Thousands of demonstrators gathered at sites around Metro Detroit Sunday to protest an executive order signed by President Trump. The order bans citizens from seven countries from entering the U.S. for 90 days. Those countries include Iran, Iraq, Libya, Somalia, Sudan, Syria and Yemen. The executive action also keeps all refugees from coming to the country for a period of 120 days.
The largest protest took place at Detroit Metro Airport late Sunday afternoon. Between chants of “No hate. No fear. Refugees are welcome here,” the crowd made its way into the baggage claim area. Officers from the Department of Homeland Security monitored the situation from the tops of the luggage carousels.
Former state lawmaker Rashida Tlaib was on the scene, making protest signs. “I think the resistance in what you hear and what you see here which is a beautiful array, a rainbow, of faiths and backgrounds, even some political opinions,” she said. “People here know and feel that this is completely wrong, that banning people from coming into this country solely based on their faith is un-American.”
U.S. Reps. Brenda Lawrence, D-Southfield, and Debbie Dingell, D-Dearborn, made remarks at the airport in opposition to Trump’s refugee ban.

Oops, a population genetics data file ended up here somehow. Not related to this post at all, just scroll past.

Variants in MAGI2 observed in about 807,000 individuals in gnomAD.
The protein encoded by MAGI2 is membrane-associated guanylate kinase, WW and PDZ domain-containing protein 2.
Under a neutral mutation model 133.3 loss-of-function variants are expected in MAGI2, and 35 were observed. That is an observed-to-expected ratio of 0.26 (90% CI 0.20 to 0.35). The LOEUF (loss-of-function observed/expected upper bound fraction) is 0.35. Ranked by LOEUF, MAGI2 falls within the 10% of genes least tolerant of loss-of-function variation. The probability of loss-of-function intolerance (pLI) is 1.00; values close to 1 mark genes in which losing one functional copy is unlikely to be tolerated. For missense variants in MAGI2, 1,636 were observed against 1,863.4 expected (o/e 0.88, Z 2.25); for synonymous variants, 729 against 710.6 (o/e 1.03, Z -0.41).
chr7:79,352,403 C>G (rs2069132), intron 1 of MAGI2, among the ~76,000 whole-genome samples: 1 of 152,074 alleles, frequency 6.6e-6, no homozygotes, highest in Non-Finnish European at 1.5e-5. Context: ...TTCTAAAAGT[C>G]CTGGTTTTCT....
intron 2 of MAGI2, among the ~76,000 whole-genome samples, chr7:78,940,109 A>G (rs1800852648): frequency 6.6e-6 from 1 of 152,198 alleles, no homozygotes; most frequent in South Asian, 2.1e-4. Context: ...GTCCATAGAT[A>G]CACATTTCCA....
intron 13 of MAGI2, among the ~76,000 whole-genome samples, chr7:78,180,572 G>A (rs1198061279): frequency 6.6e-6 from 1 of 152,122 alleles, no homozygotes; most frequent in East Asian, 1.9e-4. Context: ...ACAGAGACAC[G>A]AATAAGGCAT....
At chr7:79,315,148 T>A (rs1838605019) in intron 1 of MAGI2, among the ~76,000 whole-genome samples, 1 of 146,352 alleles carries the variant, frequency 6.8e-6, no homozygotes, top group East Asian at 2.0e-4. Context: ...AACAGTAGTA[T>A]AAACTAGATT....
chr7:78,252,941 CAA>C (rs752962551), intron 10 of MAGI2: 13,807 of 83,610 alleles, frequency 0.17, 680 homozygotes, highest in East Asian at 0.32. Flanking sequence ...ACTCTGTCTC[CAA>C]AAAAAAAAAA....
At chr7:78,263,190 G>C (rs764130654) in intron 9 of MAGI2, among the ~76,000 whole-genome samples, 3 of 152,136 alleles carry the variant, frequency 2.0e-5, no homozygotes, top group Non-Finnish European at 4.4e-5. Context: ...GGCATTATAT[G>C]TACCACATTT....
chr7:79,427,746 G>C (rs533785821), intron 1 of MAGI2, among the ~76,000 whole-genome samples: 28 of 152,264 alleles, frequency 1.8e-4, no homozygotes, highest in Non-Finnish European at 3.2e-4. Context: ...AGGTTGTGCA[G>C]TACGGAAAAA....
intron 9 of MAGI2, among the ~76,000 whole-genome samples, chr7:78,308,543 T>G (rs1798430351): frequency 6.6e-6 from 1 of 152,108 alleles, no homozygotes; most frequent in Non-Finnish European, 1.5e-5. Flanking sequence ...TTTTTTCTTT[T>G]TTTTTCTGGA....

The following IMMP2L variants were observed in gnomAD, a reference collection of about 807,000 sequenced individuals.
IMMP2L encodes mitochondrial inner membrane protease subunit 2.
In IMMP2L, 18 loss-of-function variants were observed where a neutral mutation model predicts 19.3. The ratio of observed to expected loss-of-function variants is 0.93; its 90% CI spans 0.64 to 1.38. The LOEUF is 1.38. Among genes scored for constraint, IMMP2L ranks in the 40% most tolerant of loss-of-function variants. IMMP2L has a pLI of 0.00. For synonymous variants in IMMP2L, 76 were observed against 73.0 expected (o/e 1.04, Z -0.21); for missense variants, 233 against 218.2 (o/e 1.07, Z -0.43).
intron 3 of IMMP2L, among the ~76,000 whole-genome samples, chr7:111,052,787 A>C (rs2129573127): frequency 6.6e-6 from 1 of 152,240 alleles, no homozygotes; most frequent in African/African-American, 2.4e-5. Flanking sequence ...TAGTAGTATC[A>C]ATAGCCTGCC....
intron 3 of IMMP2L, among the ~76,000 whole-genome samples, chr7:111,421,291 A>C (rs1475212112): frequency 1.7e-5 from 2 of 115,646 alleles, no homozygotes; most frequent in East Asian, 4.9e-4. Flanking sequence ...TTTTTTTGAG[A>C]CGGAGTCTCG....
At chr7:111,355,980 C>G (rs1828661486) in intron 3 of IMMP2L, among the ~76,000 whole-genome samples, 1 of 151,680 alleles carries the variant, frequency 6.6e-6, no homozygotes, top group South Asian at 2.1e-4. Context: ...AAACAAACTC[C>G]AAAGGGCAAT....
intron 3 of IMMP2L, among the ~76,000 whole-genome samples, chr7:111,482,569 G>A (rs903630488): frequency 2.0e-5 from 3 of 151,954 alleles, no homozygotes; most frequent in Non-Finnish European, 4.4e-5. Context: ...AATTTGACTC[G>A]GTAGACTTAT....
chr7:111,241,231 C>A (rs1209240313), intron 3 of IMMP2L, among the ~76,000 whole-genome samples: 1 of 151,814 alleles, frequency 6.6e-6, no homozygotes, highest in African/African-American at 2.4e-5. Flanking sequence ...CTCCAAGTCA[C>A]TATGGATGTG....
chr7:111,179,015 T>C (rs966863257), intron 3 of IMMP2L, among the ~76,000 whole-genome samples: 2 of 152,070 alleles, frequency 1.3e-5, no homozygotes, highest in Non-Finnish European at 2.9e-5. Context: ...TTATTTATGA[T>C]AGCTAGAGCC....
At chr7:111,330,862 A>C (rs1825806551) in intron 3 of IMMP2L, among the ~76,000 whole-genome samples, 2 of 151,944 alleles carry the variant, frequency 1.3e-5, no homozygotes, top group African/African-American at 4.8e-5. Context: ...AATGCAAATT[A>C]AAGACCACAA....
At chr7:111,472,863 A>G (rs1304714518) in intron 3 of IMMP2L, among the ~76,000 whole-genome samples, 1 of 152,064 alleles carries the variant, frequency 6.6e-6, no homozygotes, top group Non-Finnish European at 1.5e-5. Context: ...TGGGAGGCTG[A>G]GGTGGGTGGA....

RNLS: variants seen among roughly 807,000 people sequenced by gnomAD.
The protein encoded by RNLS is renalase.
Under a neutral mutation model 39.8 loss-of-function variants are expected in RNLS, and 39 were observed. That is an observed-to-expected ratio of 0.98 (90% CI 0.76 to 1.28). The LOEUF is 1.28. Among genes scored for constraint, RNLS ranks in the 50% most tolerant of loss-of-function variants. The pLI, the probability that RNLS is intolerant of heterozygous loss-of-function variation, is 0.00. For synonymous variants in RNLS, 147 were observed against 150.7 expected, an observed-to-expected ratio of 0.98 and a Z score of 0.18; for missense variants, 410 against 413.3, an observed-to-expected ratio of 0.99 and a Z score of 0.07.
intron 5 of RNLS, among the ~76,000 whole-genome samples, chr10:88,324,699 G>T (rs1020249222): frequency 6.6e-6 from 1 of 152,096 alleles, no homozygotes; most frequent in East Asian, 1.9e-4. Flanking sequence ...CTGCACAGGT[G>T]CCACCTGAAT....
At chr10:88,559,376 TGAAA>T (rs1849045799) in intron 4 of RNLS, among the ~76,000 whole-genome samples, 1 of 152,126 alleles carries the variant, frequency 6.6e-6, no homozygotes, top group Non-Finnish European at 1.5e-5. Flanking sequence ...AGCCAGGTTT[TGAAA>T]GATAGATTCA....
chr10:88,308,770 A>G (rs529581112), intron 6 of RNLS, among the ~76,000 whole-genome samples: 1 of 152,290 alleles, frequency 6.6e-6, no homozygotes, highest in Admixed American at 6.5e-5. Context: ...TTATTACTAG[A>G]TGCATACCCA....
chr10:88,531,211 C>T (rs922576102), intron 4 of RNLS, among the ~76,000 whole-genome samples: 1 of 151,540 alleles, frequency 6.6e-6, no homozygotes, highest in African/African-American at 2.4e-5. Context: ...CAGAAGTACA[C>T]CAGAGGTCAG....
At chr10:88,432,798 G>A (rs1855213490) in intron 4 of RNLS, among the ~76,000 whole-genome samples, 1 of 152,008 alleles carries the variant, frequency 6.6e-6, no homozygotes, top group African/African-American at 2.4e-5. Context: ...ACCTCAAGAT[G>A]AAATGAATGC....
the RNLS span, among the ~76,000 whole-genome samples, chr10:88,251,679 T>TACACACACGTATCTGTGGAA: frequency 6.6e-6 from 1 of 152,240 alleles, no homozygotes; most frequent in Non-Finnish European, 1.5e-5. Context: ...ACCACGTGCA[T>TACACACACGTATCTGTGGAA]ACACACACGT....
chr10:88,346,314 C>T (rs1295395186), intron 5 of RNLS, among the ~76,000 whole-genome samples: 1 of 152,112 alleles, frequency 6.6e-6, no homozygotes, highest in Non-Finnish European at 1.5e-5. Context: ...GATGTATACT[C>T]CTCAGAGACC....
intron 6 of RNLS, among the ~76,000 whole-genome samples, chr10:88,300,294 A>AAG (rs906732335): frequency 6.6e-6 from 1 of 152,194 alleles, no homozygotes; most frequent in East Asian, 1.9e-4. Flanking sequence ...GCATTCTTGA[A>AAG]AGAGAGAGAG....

Earlier in the afternoon, a crowd of several hundred marched at Hamtramck City Hall. Katie Kirkpatrick said she attended the Hamtramck protest to support the interests of her 15-year-old daughter.
“She believes that the world is created for all us to live in peacefully together. I hope that maybe she learned some of that from her parents,” said Kirkpatrick. “When she said she wanted to be here, I knew there was no reason to shut her down. I admire her passion about standing up for the rights of human beings and I said, ‘Heck, yeah! Let’s go.’”
Kirkpatrick said she believes protests, such as the ones that took place around the country on Sunday, make a difference.
Cathy Marshall also protested in Hamtramck. She said she did not expect such a ban to happen, let alone so quickly.
“Yes, I’m very surprised because when he was talking during the whole campaign season,” said Marshall. “I was thinking, ‘Yeah, he’ll never pull any of that off. There’s no way anybody will let any of that happen.’ But, you know, it’s happening, and I’m terrified.”
Protests also took place in Dearborn, Ann Arbor and Grand Rapids.